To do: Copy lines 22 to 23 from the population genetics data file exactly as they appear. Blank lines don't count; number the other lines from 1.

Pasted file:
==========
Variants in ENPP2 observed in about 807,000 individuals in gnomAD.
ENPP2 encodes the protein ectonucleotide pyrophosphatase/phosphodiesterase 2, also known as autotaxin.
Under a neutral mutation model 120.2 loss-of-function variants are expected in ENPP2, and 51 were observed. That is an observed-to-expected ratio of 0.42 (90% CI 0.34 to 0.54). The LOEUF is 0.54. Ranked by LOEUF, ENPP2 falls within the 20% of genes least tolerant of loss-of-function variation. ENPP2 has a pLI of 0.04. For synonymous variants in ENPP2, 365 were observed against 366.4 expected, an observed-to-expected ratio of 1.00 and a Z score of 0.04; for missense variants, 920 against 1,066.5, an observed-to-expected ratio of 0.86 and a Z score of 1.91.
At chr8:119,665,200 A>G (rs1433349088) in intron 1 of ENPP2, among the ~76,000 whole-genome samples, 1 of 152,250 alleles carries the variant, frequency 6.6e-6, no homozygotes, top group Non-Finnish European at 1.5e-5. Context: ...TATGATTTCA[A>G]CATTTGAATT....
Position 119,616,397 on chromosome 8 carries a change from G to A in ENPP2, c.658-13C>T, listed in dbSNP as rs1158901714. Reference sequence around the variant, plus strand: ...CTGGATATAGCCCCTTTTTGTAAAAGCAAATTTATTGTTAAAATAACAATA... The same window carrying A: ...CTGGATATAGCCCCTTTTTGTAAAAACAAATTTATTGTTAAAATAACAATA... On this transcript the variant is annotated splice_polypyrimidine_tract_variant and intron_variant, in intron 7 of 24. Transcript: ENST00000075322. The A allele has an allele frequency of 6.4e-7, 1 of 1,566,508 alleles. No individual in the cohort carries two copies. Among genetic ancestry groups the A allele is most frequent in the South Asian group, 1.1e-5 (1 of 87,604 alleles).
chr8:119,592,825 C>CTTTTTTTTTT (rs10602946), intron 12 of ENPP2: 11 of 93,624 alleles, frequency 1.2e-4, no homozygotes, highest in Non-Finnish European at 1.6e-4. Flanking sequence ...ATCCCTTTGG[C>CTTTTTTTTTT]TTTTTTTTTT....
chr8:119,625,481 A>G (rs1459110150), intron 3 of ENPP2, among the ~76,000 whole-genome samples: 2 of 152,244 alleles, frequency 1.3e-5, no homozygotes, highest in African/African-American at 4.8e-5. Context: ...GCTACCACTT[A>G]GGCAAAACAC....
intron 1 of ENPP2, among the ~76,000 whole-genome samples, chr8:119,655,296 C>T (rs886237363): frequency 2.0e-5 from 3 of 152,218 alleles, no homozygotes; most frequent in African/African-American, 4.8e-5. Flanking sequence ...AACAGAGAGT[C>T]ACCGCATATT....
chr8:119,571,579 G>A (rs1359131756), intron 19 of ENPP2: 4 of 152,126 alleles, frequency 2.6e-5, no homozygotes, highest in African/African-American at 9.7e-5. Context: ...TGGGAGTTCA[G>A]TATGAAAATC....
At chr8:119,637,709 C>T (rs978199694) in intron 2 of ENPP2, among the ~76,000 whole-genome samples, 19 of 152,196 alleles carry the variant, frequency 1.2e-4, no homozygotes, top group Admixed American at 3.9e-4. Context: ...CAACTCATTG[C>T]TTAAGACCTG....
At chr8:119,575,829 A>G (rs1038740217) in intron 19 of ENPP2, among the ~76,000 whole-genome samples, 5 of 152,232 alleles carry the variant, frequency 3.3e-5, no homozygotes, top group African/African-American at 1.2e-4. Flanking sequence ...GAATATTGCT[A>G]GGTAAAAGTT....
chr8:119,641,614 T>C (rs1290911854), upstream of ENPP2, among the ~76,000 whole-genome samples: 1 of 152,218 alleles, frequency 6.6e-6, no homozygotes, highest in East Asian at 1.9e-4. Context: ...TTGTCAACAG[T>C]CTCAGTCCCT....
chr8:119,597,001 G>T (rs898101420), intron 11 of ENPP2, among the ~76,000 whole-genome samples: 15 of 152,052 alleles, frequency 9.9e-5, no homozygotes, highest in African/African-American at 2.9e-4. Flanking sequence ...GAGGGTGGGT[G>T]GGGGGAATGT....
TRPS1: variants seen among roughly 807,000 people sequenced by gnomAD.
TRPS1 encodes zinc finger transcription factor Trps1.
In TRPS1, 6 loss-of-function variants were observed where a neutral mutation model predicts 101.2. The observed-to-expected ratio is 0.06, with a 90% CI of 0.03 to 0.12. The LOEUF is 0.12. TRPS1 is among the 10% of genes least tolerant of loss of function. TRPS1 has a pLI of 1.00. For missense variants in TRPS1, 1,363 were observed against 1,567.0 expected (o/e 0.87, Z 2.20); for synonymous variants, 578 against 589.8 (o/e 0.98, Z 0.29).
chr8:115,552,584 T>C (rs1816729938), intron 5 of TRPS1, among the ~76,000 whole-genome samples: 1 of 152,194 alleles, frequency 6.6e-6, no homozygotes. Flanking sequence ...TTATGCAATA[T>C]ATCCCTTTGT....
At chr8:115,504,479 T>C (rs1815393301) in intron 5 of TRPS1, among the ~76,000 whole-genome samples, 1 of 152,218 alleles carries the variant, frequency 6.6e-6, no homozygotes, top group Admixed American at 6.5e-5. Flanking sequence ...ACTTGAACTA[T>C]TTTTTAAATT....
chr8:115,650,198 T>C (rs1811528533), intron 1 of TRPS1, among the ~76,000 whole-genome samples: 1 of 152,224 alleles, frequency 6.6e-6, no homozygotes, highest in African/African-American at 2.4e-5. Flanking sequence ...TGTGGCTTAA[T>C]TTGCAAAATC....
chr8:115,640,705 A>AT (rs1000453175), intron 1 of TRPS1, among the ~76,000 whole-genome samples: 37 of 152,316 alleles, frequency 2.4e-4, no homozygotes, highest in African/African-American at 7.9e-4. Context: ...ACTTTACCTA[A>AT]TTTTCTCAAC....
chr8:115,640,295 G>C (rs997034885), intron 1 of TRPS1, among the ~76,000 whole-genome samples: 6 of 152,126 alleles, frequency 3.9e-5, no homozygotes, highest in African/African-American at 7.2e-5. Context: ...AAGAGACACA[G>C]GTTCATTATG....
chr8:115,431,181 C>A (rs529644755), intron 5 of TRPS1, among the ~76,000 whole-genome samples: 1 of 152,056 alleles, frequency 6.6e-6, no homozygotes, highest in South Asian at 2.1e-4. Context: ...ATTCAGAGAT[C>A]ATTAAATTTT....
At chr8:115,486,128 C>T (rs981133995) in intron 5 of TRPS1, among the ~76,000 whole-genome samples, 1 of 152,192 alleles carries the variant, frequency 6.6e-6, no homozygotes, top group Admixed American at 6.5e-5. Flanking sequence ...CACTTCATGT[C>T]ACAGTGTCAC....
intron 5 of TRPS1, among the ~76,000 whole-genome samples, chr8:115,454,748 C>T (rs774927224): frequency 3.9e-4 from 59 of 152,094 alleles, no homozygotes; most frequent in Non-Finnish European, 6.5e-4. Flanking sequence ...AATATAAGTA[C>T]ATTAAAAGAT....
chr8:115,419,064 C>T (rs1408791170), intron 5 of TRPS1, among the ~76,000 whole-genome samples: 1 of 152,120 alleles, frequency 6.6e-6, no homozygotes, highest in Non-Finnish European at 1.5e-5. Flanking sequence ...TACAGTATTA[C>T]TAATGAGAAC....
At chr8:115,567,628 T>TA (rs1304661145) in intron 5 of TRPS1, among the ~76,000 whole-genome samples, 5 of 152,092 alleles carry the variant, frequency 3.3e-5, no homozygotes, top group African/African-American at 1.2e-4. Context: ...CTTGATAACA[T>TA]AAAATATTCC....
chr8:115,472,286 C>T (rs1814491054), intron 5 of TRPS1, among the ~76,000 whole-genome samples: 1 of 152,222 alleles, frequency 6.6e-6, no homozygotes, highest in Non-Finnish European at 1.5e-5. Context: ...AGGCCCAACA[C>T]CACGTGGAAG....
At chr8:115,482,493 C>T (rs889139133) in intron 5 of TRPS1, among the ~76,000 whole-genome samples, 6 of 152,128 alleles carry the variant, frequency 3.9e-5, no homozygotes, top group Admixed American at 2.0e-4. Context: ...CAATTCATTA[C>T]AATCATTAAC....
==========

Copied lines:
chr8:115,431,181 C>A (rs529644755), intron 5 of TRPS1, among the ~76,000 whole-genome samples: 1 of 152,056 alleles, frequency 6.6e-6, no homozygotes, highest in South Asian at 2.1e-4. Context: ...ATTCAGAGAT[C>A]ATTAAATTTT....
At chr8:115,486,128 C>T (rs981133995) in intron 5 of TRPS1, among the ~76,000 whole-genome samples, 1 of 152,192 alleles carries the variant, frequency 6.6e-6, no homozygotes, top group Admixed American at 6.5e-5. Flanking sequence ...CACTTCATGT[C>T]ACAGTGTCAC....